How soon would you want the United States to have a population of 1,000,000,000 — 1 billion people? When I think of this, I am convinced we will be better off if it doesn’t happen. Yet we are heading in that direction, according to the new census report.
If the rate of population increase of nearly 1 percent per year continued, the U.S. population would reach 1 billion in 2137, likely within the lifetime of some of the people being born this year.
Of course, there is an enormous amount of uncertainty looking forward over the next century — for all we know now, people will be moving to Mars by then — but still, the pattern of rapid population increase adds to the risks ahead.
There is little any government can do to influence the rate of population growth. It is up to people collectively as a culture to produce a population level that can be sustained within the resources that are available. When this fails, history suggests that life becomes more difficult for everyone, and large numbers of people die from poverty, violence, or infectious diseases.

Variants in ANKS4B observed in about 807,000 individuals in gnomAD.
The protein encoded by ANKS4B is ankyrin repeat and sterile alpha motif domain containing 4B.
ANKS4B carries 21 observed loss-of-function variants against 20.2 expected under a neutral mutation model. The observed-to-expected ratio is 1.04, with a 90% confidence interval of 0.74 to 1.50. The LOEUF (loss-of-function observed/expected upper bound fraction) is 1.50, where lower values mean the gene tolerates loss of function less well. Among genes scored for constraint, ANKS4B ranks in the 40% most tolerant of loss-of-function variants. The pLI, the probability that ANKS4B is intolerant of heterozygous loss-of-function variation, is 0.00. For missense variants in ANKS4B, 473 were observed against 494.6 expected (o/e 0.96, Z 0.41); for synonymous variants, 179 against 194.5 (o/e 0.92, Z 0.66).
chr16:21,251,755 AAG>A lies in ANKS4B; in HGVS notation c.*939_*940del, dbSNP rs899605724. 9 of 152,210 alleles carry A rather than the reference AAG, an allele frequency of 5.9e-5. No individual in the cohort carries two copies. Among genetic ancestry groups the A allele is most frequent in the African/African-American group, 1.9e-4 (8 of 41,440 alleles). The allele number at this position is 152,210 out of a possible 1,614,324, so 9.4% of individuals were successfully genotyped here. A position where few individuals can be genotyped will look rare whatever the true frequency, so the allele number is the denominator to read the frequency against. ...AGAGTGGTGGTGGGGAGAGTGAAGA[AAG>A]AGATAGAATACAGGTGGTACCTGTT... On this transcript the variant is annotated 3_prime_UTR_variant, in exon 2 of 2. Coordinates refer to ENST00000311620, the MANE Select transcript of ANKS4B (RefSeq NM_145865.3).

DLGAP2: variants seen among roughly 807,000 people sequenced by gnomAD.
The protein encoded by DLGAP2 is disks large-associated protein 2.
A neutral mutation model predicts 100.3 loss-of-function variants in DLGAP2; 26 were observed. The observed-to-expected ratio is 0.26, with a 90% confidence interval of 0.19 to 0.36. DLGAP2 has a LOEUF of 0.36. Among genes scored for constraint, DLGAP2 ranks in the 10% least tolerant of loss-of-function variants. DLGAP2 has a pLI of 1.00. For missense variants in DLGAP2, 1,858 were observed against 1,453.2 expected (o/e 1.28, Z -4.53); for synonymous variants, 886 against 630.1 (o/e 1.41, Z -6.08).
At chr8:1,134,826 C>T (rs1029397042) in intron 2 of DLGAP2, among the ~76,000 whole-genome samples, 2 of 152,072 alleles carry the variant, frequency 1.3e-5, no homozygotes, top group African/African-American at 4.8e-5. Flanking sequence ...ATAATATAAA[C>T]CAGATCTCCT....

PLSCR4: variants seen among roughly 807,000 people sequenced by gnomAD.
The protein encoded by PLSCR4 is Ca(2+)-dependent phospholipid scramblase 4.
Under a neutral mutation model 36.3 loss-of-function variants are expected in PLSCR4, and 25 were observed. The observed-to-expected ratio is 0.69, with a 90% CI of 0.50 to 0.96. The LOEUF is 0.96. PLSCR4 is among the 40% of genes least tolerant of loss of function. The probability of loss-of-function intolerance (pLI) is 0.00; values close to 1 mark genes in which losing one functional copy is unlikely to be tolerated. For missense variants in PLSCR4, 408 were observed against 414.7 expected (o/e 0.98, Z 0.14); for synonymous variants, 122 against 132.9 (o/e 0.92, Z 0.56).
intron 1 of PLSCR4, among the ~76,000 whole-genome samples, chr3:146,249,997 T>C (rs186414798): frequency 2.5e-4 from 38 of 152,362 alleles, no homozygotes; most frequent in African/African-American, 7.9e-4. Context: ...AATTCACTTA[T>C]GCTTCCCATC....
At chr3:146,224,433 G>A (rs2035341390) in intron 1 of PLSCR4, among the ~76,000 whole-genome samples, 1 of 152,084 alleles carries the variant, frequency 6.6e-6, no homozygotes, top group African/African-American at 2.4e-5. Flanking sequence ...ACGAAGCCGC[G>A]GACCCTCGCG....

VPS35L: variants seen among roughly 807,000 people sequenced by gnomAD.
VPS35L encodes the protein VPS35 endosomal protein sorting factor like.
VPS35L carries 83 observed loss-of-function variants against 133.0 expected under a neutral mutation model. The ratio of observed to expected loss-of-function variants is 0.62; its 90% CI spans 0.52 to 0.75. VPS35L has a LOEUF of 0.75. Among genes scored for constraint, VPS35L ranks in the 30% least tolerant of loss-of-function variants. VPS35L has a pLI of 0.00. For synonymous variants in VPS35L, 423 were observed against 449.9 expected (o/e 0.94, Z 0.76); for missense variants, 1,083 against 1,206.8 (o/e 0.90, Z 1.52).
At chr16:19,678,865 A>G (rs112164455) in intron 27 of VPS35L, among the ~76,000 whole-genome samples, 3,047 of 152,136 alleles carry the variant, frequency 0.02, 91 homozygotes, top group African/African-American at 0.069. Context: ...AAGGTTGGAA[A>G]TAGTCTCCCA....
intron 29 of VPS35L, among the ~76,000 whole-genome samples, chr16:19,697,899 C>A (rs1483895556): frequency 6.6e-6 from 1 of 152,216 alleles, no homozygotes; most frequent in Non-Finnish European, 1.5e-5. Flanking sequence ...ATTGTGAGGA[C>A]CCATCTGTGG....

I don’t think the census report is any cause for alarm. There is a trend toward lower population growth. Technological breakthroughs are likely to improve our lives by making them fit into smaller and smaller spaces. But it’s important not to take those scenarios completely for granted. New developments, such as the depletion of the world’s oil and uranium stocks, which after all is projected to occur before 2115, could reduce our population carrying capacity, perhaps even below current levels. In spite of every effort take so far, further cultural changes may be needed to reduce the rate of population growth. That is one reason why it is so important to keep track of population statistics. The new census report suggests that the U.S. population is still increasing faster than we are prepared to provide for.